Advent 2, Year B, 2014

I need you to do something for me.

I need you to do a mental wipe. I need you to forget all about Angel Gabriel, and pregnant Mary, and sweet baby Jesus in the manger.

This Sunday, we begin the Gospel of Mark. And Mark, my friends, has no time for baby Jesus. Don’t worry, the creators of the lectionary are gentle folk and you will hear part of both Luke and Matthew’s account of the infant Jesus once we get to Christmas. But for now, I ask you to join me in a world that has absolutely no interest in the nativity.

The beginning of the Good News of Jesus Christ, the Son of God.

The earliest Christians had letters from Paul telling them about Jesus, but the Gospel of Mark was the very first biography of Jesus. In fact, because of the way Mark phrased his opening line—the Good News—or the Gospel–of Jesus Christ—everyone began calling these biographies of Jesus Gospels.

So, the very first time many people heard the story of Jesus, was through Mark’s words. And Mark has an urgent story to tell.

Mark has no time to waste. Mark is not interested in Jesus’ life before his baptism, before his public ministry. He wants to get right to the point.

The point, for Mark, is that God is breaking into the world in a new way. God is going to shake up the world and set it right again, through Jesus.

But before he gets to his point, before he gets to the Father breaking in to Jesus’ baptism to declare his love for his son, Mark takes a beat and gives us some context.

He introduces us to John the Baptist, the man God chose to prepare the world for God’s in-breaking. John is this very Old Testament prophet-like character. He wears really strange clothes and eats strange foods. He grabs your attention. Mark compares John to the messenger in a passage from Isaiah. John the Baptist is like one who is the wilderness shouting, “Prepare the way of the Lord, make his paths straight.”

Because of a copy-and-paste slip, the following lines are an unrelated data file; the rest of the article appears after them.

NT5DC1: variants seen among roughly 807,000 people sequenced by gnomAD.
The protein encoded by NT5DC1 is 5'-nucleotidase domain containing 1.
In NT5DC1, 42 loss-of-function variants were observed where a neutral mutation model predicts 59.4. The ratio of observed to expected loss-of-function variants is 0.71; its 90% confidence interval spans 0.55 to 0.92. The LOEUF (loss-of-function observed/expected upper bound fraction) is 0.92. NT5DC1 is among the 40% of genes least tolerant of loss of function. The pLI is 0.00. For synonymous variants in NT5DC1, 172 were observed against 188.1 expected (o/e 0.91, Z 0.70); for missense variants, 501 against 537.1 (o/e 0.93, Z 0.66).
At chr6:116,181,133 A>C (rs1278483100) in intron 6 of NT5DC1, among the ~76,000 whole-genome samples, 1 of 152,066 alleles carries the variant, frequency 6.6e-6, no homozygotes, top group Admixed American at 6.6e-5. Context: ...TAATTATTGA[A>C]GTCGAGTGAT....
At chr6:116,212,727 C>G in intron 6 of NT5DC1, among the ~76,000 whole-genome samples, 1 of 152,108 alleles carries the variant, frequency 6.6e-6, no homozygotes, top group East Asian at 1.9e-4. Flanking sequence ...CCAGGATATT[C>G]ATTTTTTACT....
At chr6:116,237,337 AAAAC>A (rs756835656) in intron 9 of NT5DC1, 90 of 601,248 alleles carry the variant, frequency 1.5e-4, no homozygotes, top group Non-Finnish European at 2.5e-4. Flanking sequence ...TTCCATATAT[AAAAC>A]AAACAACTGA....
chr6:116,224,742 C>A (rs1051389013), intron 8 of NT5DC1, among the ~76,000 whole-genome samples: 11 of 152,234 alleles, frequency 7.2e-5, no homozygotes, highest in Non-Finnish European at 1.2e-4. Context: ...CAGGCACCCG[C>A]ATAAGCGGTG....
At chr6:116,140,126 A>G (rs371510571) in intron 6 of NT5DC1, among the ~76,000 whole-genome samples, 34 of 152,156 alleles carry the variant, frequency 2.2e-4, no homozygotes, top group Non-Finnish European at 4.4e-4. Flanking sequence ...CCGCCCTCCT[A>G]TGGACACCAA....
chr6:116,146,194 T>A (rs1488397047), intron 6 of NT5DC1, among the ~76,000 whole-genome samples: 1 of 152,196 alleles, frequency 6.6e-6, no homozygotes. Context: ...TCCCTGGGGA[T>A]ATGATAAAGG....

This reference to Isaiah roots Mark’s readers into a narrative that continues from the Old Testament. God is breaking into the world in a new way, but this God is the same God who has broken into the world before. This is the same God who walked in the garden with Adam, and showed Moses his back. This is the same God who sent an angel to wrestle with Jacob, and who lifted Elijah into heaven. God breaks into our world over and over and over again.

I listen to NPR most mornings driving into work, and this week they were doing an end of the year funding pitch. The host said something like, “This year we have brought you stories of the Malaysian Airline jet crash, violence in the Ukraine, Ebola, the rise of ISIS, Ferguson and alleged sexual violence at UVA.” The litany of news stories took my breath away. It has been a really, really hard year. And they didn’t even mention the climate change tipping point we may have reached this summer or this week’s lack of indictment in Eric Garner’s death.

It can seem sometimes, that God has left the building.

We talk about God breaking into the world, through the birth of Jesus. We also talk about how we wait for Jesus’ return. Where does that leave us in the meantime? We feel like John in the wilderness, hoping people will repent, hoping God will show up.